• Train not only the doctors of today but the doctors of tomorrow. Medical students, nurses and genetic counselors should be educated beyond the textbook and have interactions with people who have Down syndrome so that they may better understand the realities of living with the disorder.
Recently, the National Down Syndrome Society and the National Down Syndrome Congress announced the selection of a booklet ("Understanding a Prenatal Down Syndrome Diagnosis") as a gold standard packet of information about , fulfilling Skotko's second recommendation.

"The ultimate goal is to ensure families receive accurate, up-to-date, information so they are well-informed and can make decisions that are right for them," says Skotko.

Source: Children's Hospital Boston (news : web)

Explore further: Ebola reveals shortcomings of African solidarity

add to favorites email to friend print save as pdf

Related Stories

Toward a faster prenatal test for Down syndrome

Sep 18, 2007

Scientists in California are reporting an advance toward rapid testing for pre-natal detection of Down syndrome and other birth defects that involve an abnormal number of chromosomes.

Microarray analysis improves prenatal diagnosis

Nov 17, 2008

A "chip" or array that can quickly detect disorders such as Down syndrome or other diseases associated with chromosomal abnormalities proved an effective tool in prenatal diagnosis in a series of 300 cases at Baylor College ...

Genetic analysis reveals range of Rett syndrome

Mar 11, 2008

The first comprehensive analysis of the clinical effects of genetic mutations involved in Rett syndrome will enable affected families to receive a more accurate indication of their child’s prognosis.

Recommended for you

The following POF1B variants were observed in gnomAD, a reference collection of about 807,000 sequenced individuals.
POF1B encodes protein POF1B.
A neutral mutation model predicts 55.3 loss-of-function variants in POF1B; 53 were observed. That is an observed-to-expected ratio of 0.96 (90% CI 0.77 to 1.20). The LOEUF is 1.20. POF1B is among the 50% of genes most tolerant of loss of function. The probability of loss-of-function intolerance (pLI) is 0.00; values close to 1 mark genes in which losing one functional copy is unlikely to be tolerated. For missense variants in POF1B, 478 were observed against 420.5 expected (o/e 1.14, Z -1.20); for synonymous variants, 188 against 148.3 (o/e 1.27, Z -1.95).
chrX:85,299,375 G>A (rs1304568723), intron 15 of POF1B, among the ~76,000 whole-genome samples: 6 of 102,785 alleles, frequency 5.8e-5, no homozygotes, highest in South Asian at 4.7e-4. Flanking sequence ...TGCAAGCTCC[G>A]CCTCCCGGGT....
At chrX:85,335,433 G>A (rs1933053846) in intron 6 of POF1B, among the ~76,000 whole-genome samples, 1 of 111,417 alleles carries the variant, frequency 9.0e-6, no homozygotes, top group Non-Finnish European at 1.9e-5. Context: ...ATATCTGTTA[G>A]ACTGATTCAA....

Ebola reveals shortcomings of African solidarity

11 hours ago

As Africa's leaders meet in Ethiopia to discuss the Ebola crisis, expectations of firm action will be tempered by criticism over the continent's poor record in the early stages of the epidemic.

Second bird flu case confirmed in Canada

Jan 30, 2015

The husband of a Canadian who was diagnosed earlier this week with bird flu after returning from a trip to China has also tested positive for the virus, health officials said Friday.

What exactly is coronavirus?

Jan 30, 2015

The conflicts in Syria and Iraq are straining public health systems and public health efforts meant to prevent and detect the spread of infectious diseases. This is generating a "perfect storm" of conditions for outbreaks. Among the infections raising concern is Middle East Respiratory Syndrome, caused by a type of coronavirus, which emerged in 2012. ...

Scientists find Ebola virus is mutating

Jan 30, 2015

(Medical Xpress)—Researchers working at Institut Pasteur in France have found that the Ebola virus is mutating "a lot" causing concern in the African countries where the virus has killed over eight thous ...

User comments : 0

Please sign in to add a comment. Registration is free, and takes less than a minute. Read more

Click here to reset your password.
Sign in to get notified via email when new comments are made.